Pollution from exhaust stacks


Global health experts agree that pollution from traffic exhaust poses serious health risks. Emissions include nitrous oxides and particulate matter that, when breathed into the lungs, causes respiratory diseases such as asthma and emphysema, and cancer. This has been repeatedly proven across numerous independent studies across the world(1).

Medical experts universally state that there is no safe level of exposure to these types of cancer-causing emissions, and that children and the elderly are particularly vulnerable.

Doctors have specifically been concerned with levels of airborne toxins from other similar tunnel projects around Sydney, such as the soon to be completed NorthConnex(2).


Premier Gladys Berejiklian announced in July 2018 that “the proposed ventilation stacks are now away from schools, away from where people live”. Education minister Rob Stokes has said there is “no way in hell he will countenance exhaust stacks being built anywhere near a school”(3).


However the facts are that unfiltered exhaust stacks for this project will be very close to homes and schools, located:

  • on Balgowlah Golf course (within 100m of homes, 500m of schools, child care facilities and aged care)
  • near Kirkwood Ave, Seaforth (within 300m of homes)
  • at Ernest St, Cammeray (within 100m of homes, and 300m of Anzac Park Public School).


It is projected that the exhaust stack at Balgowlah will be visible from the homes of thousands of residents who live on the surrounding hills; from the tall apartments at Stockland Balgowlah, from homes in Ellery Pde Seaforth, Maretimo St Balgowlah and everyone in between.


Watch a video from Dr Ray Nassar explaining the health impacts from exposure to traffic exhaust here: https://vimeo.com/278243564

Exhaust emission dispersal


The science of exhaust emission dispersal from stacks is complex and requires detailed modelling for each precise location – modelling that has not yet been done for these exhaust stack locations. Marketing information from the government tells us that “the exhaust air is indistinguishable from surrounding air”, however the reality is a different story.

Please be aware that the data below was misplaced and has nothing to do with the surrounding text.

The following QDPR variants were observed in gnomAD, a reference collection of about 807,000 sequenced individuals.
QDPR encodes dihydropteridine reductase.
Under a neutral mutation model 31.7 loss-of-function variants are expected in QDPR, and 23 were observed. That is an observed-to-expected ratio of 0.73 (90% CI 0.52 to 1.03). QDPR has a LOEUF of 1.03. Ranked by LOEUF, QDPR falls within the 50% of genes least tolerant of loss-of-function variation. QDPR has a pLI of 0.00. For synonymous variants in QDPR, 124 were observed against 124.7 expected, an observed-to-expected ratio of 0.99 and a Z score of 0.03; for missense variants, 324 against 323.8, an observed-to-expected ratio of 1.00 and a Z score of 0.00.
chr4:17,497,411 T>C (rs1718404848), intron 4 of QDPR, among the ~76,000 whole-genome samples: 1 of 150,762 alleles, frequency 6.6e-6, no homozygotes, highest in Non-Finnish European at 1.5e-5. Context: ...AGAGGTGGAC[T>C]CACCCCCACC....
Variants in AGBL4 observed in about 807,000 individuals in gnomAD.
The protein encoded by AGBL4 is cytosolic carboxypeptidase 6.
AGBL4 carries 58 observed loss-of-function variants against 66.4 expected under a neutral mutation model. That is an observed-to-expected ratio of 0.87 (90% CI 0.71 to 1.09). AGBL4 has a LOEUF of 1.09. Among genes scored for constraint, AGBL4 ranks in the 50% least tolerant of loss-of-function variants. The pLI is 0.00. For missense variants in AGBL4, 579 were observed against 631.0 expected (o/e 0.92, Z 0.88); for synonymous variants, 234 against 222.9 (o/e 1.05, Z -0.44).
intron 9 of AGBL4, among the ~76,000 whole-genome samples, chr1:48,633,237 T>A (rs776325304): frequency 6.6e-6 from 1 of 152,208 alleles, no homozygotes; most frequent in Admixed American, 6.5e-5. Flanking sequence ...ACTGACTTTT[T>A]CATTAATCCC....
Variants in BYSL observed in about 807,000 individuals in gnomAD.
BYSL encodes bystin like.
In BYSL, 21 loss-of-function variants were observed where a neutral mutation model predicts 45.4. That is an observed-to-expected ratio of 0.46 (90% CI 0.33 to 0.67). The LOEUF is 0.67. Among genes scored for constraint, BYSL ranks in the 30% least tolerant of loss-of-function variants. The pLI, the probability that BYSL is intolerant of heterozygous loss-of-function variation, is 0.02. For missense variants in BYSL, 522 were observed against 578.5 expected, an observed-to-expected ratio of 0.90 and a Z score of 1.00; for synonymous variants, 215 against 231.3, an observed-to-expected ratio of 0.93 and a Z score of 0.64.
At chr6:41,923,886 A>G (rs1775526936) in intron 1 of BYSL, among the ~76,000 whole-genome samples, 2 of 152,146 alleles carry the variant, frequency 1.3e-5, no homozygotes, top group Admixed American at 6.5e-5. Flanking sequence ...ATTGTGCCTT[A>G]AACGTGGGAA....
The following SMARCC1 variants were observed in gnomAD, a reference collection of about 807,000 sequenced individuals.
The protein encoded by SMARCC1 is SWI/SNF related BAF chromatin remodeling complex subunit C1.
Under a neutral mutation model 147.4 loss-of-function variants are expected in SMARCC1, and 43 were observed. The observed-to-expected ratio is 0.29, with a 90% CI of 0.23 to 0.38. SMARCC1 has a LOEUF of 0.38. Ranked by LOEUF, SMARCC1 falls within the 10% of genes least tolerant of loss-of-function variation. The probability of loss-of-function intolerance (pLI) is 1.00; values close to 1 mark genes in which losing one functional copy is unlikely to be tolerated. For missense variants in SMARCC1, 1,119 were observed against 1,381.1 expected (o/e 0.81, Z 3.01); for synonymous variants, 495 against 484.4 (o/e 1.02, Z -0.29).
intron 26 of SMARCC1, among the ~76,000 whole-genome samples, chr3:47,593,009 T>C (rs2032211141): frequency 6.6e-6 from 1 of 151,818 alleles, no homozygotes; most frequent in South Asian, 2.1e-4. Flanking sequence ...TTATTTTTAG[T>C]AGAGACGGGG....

Exhaust stack function encompasses the surrounding terrain, heights of nearby buildings and all weather patterns and events. Many factors influence the ability of the concentrated emissions to disperse effectively, including air temperature, exhaust temperature, speed of exhaust expulsion, wind direction and speed.


As with other similar projects in Sydney, pollution will increase for some residents due to air toxins from exhaust stacks, and from increased traffic around the tunnel entrances.


The NSW Chief Scientist report reveals all stack designs involve increased air toxins up to a 1200m radius from an exhaust stack(4). Government documents recently leaked to the media revealed “plume downwash” is also a concern at the site(5), where additional toxins are drawn to ground level.


The Balgowlah exhaust stack is particularly problematic as it is located at a low point in the valley, meaning concentrated exhaust will be distributed over homes and schools on the hills around Balgowlah and Seaforth that overlook the exhaust stack.

The diagram below shows the dispersal of concentrated emissions according to the NSW Chief Scientist report, with the red dots indicating various locations around the Balgowlah stack, including Seaforth Public School, Balgowlah Boys High, Bupa Aged Care Seaforth, Ellery Pde Seaforth and Woodbine St North Balgowlah.